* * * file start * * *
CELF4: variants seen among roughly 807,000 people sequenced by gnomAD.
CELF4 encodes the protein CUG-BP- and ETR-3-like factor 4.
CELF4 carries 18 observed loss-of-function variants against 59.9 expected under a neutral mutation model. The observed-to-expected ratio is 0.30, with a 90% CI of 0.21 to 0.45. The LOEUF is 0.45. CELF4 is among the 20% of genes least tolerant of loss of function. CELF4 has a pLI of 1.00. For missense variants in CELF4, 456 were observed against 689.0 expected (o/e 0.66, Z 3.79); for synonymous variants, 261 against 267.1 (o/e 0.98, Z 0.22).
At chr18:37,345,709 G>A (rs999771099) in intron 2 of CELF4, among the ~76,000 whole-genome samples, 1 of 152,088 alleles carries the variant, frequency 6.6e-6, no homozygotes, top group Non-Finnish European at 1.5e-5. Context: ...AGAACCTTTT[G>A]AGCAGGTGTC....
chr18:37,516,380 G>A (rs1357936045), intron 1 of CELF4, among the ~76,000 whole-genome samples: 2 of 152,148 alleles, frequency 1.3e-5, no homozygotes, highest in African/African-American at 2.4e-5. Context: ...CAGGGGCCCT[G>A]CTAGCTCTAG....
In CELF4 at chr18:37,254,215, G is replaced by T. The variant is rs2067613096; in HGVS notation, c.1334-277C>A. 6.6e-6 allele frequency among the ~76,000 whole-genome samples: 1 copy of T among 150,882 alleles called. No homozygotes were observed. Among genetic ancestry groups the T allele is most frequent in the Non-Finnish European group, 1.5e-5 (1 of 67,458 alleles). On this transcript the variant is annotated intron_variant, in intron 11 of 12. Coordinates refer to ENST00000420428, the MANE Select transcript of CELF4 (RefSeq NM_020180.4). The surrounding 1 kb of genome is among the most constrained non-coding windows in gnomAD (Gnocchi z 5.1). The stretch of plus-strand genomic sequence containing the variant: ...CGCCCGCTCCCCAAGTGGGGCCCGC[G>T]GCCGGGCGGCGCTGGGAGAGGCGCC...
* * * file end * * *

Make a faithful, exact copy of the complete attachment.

CELF4: variants seen among roughly 807,000 people sequenced by gnomAD.
CELF4 encodes the protein CUG-BP- and ETR-3-like factor 4.
CELF4 carries 18 observed loss-of-function variants against 59.9 expected under a neutral mutation model. The observed-to-expected ratio is 0.30, with a 90% CI of 0.21 to 0.45. The LOEUF is 0.45. CELF4 is among the 20% of genes least tolerant of loss of function. CELF4 has a pLI of 1.00. For missense variants in CELF4, 456 were observed against 689.0 expected (o/e 0.66, Z 3.79); for synonymous variants, 261 against 267.1 (o/e 0.98, Z 0.22).
At chr18:37,345,709 G>A (rs999771099) in intron 2 of CELF4, among the ~76,000 whole-genome samples, 1 of 152,088 alleles carries the variant, frequency 6.6e-6, no homozygotes, top group Non-Finnish European at 1.5e-5. Context: ...AGAACCTTTT[G>A]AGCAGGTGTC....
chr18:37,516,380 G>A (rs1357936045), intron 1 of CELF4, among the ~76,000 whole-genome samples: 2 of 152,148 alleles, frequency 1.3e-5, no homozygotes, highest in African/African-American at 2.4e-5. Context: ...CAGGGGCCCT[G>A]CTAGCTCTAG....
In CELF4 at chr18:37,254,215, G is replaced by T. The variant is rs2067613096; in HGVS notation, c.1334-277C>A. 6.6e-6 allele frequency among the ~76,000 whole-genome samples: 1 copy of T among 150,882 alleles called. No homozygotes were observed. Among genetic ancestry groups the T allele is most frequent in the Non-Finnish European group, 1.5e-5 (1 of 67,458 alleles). On this transcript the variant is annotated intron_variant, in intron 11 of 12. Coordinates refer to ENST00000420428, the MANE Select transcript of CELF4 (RefSeq NM_020180.4). The surrounding 1 kb of genome is among the most constrained non-coding windows in gnomAD (Gnocchi z 5.1). The stretch of plus-strand genomic sequence containing the variant: ...CGCCCGCTCCCCAAGTGGGGCCCGC[G>T]GCCGGGCGGCGCTGGGAGAGGCGCC...